A vengeful phantom lurks in a country graveyard. A whaling crew becomes trapped on a haunted ship. A human skull is kept locked in a cupboard, but sometimes at night, it screams. . . . This collection of tales transports the reader to a time when staircases creaked in old manor houses, and a candle could be blown out by a gust of wind, or by a passing ghost. Penned by some of the greatest Victorian novelists and masters of the ghost story genre, each story is illustrated with exquisitely eerie artwork in this special gift edition featuring an embossed textured case and a ribbon marker.

Victorian Ghosts In The Noontide by Vanessa D. Dickerson

Title Victorian Ghosts in the Noontide
Author Vanessa D. Dickerson
Publisher University of Missouri Press
Release Date 1996
Category Literary Criticism
Total Pages 166
ISBN 0826210813
Language English, Spanish, and French
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Book Summary:

An interesting rereading of familiar texts by Emily and Charlotte Bronte, Elizabeth Gaskell, and George Eliot recovering the historical and literary roots of the supernatural as it appears in each women's work. Dickerson (English, Rhodes College) makes interesting observations about women's changing roles in the 19th century when scientific advancements relegated women to the home as arbiters of the spiritual while men occupied themselves with "rational" invention. Through close readings, she demonstrates how the Brontes, Gaskell, and Eliot resisted this division and, simultaneously, created a spiritual genre of writing traditionally denigrated by critics. Annotation copyrighted by Book News, Inc., Portland, OR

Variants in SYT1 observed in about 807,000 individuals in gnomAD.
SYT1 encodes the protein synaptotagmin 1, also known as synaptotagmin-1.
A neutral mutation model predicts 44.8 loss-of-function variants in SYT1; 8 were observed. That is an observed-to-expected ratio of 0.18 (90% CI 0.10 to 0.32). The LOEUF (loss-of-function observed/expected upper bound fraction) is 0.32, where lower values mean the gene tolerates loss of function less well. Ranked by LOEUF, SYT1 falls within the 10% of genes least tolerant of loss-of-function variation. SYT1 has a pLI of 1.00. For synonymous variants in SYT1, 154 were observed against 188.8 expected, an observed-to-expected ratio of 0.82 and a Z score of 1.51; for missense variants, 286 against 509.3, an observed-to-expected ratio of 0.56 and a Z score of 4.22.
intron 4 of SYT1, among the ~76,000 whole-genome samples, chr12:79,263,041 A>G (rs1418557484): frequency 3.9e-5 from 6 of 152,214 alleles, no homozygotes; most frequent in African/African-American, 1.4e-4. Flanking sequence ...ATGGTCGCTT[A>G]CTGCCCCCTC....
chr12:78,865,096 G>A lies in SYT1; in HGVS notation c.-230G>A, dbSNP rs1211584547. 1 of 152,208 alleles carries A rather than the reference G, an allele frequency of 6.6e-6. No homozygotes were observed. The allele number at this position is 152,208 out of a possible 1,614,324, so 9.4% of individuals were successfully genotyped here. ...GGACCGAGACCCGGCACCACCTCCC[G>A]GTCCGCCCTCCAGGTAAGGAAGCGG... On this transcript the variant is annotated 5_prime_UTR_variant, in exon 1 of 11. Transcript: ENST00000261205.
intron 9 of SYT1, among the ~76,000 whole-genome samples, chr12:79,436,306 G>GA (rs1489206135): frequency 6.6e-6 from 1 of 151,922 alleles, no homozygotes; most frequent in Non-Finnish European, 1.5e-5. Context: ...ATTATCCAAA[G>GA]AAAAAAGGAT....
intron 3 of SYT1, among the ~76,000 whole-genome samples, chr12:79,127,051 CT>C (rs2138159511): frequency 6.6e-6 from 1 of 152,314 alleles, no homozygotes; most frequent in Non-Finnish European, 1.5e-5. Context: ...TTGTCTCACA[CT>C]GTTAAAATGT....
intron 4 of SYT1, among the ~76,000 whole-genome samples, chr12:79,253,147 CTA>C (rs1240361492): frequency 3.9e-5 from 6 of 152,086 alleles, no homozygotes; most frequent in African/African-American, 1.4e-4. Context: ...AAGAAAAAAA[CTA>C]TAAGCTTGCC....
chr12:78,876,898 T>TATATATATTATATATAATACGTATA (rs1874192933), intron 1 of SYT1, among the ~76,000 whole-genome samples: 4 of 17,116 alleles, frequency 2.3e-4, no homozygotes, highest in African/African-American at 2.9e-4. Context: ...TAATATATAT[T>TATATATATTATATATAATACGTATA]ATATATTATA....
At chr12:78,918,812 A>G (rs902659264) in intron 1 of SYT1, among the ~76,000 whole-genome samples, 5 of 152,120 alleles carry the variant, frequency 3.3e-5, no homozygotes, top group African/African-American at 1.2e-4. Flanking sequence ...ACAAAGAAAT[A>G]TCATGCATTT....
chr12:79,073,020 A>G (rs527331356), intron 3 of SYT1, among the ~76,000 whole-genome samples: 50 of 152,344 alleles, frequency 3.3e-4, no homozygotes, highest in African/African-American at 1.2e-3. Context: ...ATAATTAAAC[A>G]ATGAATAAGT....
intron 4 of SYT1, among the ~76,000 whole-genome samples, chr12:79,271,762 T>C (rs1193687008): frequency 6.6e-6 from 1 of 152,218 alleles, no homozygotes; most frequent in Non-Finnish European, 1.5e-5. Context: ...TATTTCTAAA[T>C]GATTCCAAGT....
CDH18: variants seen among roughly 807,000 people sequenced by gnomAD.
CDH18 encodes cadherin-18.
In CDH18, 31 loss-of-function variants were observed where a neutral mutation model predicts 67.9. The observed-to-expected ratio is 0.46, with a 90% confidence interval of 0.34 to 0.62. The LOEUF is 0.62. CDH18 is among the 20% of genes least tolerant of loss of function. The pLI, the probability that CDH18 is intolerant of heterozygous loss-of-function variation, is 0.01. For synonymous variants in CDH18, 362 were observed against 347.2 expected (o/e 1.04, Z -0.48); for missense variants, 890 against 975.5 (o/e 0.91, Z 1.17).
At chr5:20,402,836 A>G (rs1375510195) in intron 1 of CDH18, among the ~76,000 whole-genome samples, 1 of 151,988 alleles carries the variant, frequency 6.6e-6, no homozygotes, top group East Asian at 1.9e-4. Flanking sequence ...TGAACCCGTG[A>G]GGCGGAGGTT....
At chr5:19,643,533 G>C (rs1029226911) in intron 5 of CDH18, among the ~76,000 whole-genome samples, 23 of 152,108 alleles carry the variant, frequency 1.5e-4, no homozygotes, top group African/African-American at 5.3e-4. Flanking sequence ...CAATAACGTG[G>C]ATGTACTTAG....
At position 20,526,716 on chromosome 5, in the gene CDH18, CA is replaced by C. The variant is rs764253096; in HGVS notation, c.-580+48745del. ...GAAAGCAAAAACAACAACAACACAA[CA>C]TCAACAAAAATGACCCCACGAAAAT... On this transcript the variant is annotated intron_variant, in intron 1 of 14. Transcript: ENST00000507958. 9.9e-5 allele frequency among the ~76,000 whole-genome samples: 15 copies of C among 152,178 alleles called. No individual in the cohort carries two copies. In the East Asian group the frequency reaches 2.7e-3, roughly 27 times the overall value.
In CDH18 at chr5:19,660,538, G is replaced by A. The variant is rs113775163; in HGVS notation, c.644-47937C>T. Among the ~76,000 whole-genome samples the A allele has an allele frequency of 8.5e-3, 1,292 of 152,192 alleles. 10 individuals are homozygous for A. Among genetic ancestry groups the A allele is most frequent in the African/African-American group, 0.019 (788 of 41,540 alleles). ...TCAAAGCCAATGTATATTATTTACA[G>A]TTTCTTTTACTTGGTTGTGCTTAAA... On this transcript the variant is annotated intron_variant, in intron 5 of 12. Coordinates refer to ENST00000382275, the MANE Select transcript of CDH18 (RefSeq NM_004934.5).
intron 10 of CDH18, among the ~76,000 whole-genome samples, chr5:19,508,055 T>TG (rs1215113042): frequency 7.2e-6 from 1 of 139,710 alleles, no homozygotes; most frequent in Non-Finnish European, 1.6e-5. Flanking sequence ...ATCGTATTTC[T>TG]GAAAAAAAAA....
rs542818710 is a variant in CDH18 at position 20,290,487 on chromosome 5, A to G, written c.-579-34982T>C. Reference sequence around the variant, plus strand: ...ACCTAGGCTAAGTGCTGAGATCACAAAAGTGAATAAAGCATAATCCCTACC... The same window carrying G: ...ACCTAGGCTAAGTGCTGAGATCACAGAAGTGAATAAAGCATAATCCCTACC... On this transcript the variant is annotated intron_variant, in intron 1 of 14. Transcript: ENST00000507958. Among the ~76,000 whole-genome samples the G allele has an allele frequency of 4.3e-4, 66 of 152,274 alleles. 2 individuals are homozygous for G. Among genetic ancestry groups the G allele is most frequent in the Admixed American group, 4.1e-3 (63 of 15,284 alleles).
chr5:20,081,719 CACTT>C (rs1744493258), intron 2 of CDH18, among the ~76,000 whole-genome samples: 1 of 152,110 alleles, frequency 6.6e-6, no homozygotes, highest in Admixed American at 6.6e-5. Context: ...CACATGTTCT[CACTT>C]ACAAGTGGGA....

The Turn Of The Screw by Henry James

Title The Turn of the Screw
Author Henry James
Publisher Strelbytskyy Multimedia Publishing
Release Date 2018-10-09
Category Fiction
Total Pages 86
ISBN PKEY:SMP2300000062397
Language English, Spanish, and French
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Book Summary:

The Turn of the Screw, originally published in 1898, is a novella written by Henry James. The story, a part of Gothic and ghost story genres, first appeared in serial format in Collier's Weekly magazine (27 January – 16 April 1898). In October 1898 it appeared in The Two Magics, a book published by Macmillan in New York City and Heinemann in London. Due to its original content, The Turn of the Screw became a favorite text of academics who subscribe to New Criticism. The novella has had differing interpretations, often mutually exclusive. Many critics have tried to determine the exact nature of the evil hinted at by the story. However, others have argued that the brilliance of the novella results from its ability to create an intimate sense of confusion and suspense within the reader.

Gothic Realities by L. Andrew Cooper

Title Gothic Realities
Author L. Andrew Cooper
Publisher McFarland
Release Date 2014-01-10
Category Literary Criticism
Total Pages 248
ISBN 0786457880
Language English, Spanish, and French
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Book Summary:

Eighteenth-century critics believed Gothic fiction would inspire deviant sexuality, instill heretical beliefs, and encourage antisocial violence—this book puts these beliefs to the test. After examining the assumptions behind critics’ fears, it considers nineteenth-century concerns about sexual deviance, showing how Frankenstein, Dr. Jekyll and Mr. Hyde, Dorian Gray, and other works helped construct homosexuality as a pathological, dangerous phenomenon. It then turns to television and film, particularly Buffy the Vampire Slayer and David DeCoteau’s direct-to-video movies, to trace Gothicized sexuality’s lasting impact. Moving to heretical beliefs, Gothic Realities surveys ghost stories from Dickens’s A Christmas Carol to Poltergeist, articulating the relationships between fiction and the “real” supernatural. Finally, it considers connections between Gothic horror and real-world violence, especially the tragedies at Columbine and Virginia Tech.